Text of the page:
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Ventilators for covid-19
#75004 17/03/20 6:35 PM
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If you have spare ventilators that are either in storage, or emergency back up, please can you make me aware of what you have available (not in operational use) via the private message facility if this forum.

I have had an offer of support to pull together a country wide list of redundant/spare ventilators.

If we can pool ventilators, and understand where they are located, we can potentually save lives.

Lets work together to understand where we have some flex in the system, and ensure that these devices can be utilised.


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Re: Ventilators for covid-19
John Sandham #75008 17/03/20 9:22 PM
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It's a noble gesture, John ... and yes, a database of available ventilators would be useful.

It will be interesting to see what response you get ... as I doubt that too many have been squirreled away; and any that are could well be obsolete (or unserviceable), anyway. frown

But, say that your can round up a dozen or so ... who is going to re-commission and (or) service them? And will consumables, servicing kits and what-have-you still be available?

Another consideration that comes to mind is that of staff training (on "unfamiliar" ventilators) - especially as they will be very busy, anyway.

Are you thinking about modern ICU-type vents ... or would Manleys et al* also be of interest?

Maybe we need to re-call some of the Greybeard Biomeds out of retirement (or out from their Care Homes)! laugh

* I used to know where a Cape-Waine was still being used, but I imagine (hope) that one has gone by now.


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Re: Ventilators for covid-19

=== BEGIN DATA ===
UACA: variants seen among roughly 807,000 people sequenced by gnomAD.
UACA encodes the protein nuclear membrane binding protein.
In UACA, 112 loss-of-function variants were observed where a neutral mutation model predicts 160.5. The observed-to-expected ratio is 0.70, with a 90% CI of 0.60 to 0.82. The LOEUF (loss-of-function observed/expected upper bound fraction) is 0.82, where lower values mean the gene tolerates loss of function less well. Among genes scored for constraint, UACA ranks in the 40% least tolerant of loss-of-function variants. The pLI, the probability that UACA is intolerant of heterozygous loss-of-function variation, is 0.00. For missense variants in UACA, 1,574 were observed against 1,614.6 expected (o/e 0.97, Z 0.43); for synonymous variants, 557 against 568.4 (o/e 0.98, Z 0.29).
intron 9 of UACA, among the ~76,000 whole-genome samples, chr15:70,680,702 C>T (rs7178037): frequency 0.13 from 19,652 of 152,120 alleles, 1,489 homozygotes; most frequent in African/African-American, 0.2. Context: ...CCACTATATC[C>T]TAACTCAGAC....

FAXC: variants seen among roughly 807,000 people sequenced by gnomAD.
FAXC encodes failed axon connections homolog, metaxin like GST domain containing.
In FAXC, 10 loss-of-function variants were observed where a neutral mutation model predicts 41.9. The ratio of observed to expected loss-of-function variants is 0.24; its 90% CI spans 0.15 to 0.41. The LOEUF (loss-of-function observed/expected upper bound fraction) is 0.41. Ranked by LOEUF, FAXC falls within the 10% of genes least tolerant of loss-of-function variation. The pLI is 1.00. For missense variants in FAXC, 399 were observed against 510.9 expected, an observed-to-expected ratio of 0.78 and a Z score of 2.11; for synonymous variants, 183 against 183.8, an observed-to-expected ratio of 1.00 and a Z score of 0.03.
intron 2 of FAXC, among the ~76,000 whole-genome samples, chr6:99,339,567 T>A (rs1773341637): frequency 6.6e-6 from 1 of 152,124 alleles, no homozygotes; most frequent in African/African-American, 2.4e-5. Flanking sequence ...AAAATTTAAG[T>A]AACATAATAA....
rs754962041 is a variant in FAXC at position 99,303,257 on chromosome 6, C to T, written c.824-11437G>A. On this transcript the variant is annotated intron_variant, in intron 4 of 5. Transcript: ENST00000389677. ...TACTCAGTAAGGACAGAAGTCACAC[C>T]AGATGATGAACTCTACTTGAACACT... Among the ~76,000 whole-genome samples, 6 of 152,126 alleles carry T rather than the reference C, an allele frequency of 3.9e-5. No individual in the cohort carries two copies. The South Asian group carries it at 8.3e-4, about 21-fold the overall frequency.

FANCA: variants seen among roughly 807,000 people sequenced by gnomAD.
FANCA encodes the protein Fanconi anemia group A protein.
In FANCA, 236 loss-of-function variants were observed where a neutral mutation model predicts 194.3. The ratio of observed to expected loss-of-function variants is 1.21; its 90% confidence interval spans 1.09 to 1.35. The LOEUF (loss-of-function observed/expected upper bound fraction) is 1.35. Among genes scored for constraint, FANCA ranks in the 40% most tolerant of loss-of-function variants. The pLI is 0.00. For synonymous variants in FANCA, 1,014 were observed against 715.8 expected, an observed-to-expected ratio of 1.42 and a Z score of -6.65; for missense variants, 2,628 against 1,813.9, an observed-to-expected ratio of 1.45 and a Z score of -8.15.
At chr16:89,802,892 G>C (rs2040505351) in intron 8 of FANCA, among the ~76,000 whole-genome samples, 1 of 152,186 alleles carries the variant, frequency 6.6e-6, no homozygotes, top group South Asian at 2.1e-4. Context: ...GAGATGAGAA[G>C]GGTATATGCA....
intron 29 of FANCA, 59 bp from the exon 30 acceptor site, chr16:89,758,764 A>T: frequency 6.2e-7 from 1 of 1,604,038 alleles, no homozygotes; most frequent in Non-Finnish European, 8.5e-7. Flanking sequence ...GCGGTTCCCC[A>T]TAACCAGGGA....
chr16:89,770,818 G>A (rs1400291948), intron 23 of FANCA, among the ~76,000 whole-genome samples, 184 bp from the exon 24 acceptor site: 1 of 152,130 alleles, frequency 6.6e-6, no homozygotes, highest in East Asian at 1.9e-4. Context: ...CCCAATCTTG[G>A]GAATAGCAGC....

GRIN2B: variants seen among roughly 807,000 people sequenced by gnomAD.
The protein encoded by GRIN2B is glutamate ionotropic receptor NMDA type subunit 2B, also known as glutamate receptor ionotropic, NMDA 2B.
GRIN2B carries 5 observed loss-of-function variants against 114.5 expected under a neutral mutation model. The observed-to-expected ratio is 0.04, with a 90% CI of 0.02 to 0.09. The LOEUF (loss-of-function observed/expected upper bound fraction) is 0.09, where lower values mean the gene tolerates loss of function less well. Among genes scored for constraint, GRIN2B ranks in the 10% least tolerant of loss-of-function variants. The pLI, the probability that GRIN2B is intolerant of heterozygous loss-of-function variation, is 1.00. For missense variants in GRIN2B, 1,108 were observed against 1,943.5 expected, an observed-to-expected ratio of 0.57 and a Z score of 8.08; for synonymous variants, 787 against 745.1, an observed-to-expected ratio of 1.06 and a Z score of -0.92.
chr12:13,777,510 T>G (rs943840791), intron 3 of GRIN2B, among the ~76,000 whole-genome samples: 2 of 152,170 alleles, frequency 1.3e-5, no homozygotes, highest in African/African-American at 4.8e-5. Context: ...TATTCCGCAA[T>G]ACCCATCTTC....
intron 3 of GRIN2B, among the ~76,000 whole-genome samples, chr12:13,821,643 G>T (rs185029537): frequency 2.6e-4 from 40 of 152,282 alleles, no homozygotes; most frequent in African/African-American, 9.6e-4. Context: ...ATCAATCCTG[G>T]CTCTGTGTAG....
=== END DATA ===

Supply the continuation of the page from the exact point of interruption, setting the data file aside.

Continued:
John Sandham #75017 18/03/20 10:31 PM
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Good Evening,
I work for one of the companies that is currently looking at the UK ventilator challenge, I'm a mechanical engineer to trade, but have not had previous experience with ventilators, so the past couple of days has been a crash course in terminology and history of ventilator design!
My own thinking at the moment is that a ventilator design that is relatively proven, but from the era before PLC/microcontrollers might be the best bet for restarting volume manufacture - something that's simpler, proven in service, but not over-engineered and while having fewer features, is less likely to go wrong.
I've been looking for information on the following models which seems like the right sort of era - but happy to take some guidance on this:

British Oxygen Company (BOC) models:
- Harlow
- Beaver II
- Cylclator

Manley-Blease
- MP2
- MP3
- Pulmovent
- Servovent

W Watson & Sons
- Barnet Mark III Ventilator

There is currently a programme of work underway at the moment (as I understand) to discuss the availability of designs from current manufactures, but I think that something dipping back into the archives might be more realistically manufacturable with the supply chain that we have in the UK/components that might be held in stock here.
Any feedback and pointers towards available resources (service manuals, BOMs/parts lists, drawings, photos) would be much appreciated
Thanks
Murdoch

Re: Ventilators for covid-19
Murdoch #75018 19/03/20 11:47 AM
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Welcome to the forum, Peter. smile

Wow ... some nice "blasts from the past" there, Mate.

But those that you mention are not what I would call ICU-type ventilators. In fact a couple of them are more likely to be considered "anaesthesia" ventilators. So I'm wondering if simple machines like this are actually what is required. frown

I would suggest that before charging ahead your team should make sure that any design(s) are likely to meet the clinical requirements of the situation; in other words, ensure that the design and (or) ultimate hardware is actually going to be "fit for purpose"!

Otherwise I agree with what you're saying about simplicity of design, but if you're thinking in terms of manufacturing from scratch, I would have thought that a new design - based on the Manley et al - aimed at ease (and speed) of production would be in order.